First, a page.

Queenslanders wowed by 'butterfly blizzard' in the south-east

Hundreds of millions of butterflies have flown to Queensland’s south-east in a beautiful display which is said to happen only once a decade on this scale.

The phenomenon deemed a ‘butterfly blizzard’ is the Caper White or ‘common white’ butterfly migrating from west of the Great Dividing Range to lay eggs.

The remarkable migration sees millions of butterflies flock to the south-east to lay 60-100 eggs each on caper bushes.

Local butterfly expert Ray Archer told the Sunshine Coast Daily the butterflies lay eggs in large numbers and then hatched caterpillars strip the shrubs to nothing.

L: Photo by Deb Larks R: Photo by Cathy Collins.
L: Photo by Deb Larks R: Photo by Cathy Collins.

Once done, the butterflies then head east.

Mr Archer said the butterfly migration was normal for this time for year but those this large were less common, happening only once every six to ten years.

He told Fairfax looking out his window at Bribie Island he could see up to 20 butterflies a minute.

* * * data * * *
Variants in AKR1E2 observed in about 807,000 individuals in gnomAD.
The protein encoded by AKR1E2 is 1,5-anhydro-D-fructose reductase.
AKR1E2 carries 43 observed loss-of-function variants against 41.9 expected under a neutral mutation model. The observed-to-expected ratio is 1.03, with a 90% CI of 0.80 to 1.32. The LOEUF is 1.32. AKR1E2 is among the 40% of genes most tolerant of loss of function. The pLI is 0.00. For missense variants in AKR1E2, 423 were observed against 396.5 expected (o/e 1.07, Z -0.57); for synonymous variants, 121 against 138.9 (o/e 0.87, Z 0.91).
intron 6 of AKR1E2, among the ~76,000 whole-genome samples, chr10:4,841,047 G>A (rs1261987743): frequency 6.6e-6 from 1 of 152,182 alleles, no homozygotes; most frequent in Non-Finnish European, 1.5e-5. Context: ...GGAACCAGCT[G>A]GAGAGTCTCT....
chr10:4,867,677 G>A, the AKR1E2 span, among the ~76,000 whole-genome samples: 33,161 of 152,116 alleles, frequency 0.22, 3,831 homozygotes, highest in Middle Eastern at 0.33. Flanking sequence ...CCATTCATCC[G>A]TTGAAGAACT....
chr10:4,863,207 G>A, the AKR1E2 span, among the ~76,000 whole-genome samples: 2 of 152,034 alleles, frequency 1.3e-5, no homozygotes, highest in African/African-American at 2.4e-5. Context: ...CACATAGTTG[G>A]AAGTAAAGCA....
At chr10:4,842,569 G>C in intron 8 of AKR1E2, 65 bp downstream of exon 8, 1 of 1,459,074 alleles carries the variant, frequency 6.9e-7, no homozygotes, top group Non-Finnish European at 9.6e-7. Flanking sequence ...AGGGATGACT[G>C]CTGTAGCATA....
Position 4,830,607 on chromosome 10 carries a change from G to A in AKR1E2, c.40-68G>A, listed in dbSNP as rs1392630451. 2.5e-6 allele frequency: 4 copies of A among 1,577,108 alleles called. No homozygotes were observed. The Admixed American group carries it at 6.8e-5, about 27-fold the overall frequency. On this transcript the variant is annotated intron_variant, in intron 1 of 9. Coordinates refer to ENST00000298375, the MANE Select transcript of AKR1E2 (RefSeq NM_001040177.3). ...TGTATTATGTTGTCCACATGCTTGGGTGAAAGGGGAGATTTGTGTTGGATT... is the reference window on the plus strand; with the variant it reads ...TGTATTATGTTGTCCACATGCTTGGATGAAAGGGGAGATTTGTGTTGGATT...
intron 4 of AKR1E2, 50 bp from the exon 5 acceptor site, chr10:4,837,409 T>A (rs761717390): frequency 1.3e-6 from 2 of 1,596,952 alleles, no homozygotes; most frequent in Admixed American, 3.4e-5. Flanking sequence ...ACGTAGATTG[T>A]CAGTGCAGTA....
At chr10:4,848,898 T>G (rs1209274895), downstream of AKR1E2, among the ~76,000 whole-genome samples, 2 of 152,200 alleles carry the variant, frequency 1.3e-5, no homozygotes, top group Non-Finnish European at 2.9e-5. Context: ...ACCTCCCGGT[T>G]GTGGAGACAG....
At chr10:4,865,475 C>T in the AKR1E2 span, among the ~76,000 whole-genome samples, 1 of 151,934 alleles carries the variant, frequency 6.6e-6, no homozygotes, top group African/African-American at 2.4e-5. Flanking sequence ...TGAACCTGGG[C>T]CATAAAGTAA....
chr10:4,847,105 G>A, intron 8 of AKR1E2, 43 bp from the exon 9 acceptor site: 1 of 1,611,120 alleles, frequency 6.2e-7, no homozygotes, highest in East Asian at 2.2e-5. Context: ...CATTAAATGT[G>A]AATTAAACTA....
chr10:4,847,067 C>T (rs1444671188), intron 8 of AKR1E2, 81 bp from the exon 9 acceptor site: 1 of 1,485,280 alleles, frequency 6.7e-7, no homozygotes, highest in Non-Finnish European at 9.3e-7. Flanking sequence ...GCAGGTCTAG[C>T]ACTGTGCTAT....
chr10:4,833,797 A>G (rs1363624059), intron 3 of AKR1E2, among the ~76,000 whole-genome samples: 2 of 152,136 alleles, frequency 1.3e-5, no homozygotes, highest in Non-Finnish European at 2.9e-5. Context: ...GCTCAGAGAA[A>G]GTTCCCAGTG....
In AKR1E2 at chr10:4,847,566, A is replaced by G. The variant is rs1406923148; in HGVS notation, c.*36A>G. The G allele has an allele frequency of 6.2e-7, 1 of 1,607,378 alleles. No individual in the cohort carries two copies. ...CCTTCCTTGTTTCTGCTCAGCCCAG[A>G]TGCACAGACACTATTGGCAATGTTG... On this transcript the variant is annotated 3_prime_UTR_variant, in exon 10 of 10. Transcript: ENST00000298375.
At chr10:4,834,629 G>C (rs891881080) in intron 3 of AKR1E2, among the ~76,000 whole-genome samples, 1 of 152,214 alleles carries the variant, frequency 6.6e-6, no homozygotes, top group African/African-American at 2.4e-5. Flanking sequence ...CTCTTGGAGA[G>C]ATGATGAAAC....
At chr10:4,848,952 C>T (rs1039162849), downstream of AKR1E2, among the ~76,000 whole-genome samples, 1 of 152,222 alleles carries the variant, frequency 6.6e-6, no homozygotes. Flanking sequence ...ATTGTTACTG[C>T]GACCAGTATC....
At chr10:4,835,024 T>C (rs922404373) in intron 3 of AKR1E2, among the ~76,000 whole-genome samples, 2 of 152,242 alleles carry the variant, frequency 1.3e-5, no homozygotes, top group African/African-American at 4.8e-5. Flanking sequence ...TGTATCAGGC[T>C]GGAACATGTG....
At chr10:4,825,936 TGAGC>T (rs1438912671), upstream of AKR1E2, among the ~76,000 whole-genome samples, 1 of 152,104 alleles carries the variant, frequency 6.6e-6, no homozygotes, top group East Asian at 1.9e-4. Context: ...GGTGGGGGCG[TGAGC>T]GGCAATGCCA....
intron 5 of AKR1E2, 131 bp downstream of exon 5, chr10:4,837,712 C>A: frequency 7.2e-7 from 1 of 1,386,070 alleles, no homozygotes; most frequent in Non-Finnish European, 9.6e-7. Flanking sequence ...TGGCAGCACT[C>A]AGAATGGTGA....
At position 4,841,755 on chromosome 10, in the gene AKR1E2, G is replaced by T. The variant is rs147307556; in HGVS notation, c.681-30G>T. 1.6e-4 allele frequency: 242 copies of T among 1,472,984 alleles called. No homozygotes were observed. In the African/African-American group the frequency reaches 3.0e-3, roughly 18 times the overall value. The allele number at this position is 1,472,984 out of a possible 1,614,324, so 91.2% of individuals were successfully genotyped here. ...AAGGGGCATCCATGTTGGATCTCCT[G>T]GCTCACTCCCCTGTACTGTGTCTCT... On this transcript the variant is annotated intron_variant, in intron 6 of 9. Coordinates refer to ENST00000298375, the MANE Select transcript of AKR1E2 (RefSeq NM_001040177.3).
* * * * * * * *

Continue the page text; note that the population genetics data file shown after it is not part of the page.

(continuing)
The Caper White butterfly. Photo: Australian Museum
The Caper White butterfly. Photo: Australian Museum

Mr Archer expected the migration to last about three weeks.

Earlier this week a Queensland man copped criticism for allegedly poisoning a tree full of butterflies in the Lockyer Valley.

It was claimed the man didn't like how the butterflies were upsetting his dog.

Decent rain and warmer conditions were considered perfect breeding conditions for the butterflies.

Local residents from Brisbane to the Sunshine Coast reported seeing butterflies in “plague-like proportions”.

The Caper White is common in Queensland’s west and NSW.

The butterfly is mostly white but has a black edging around its wings.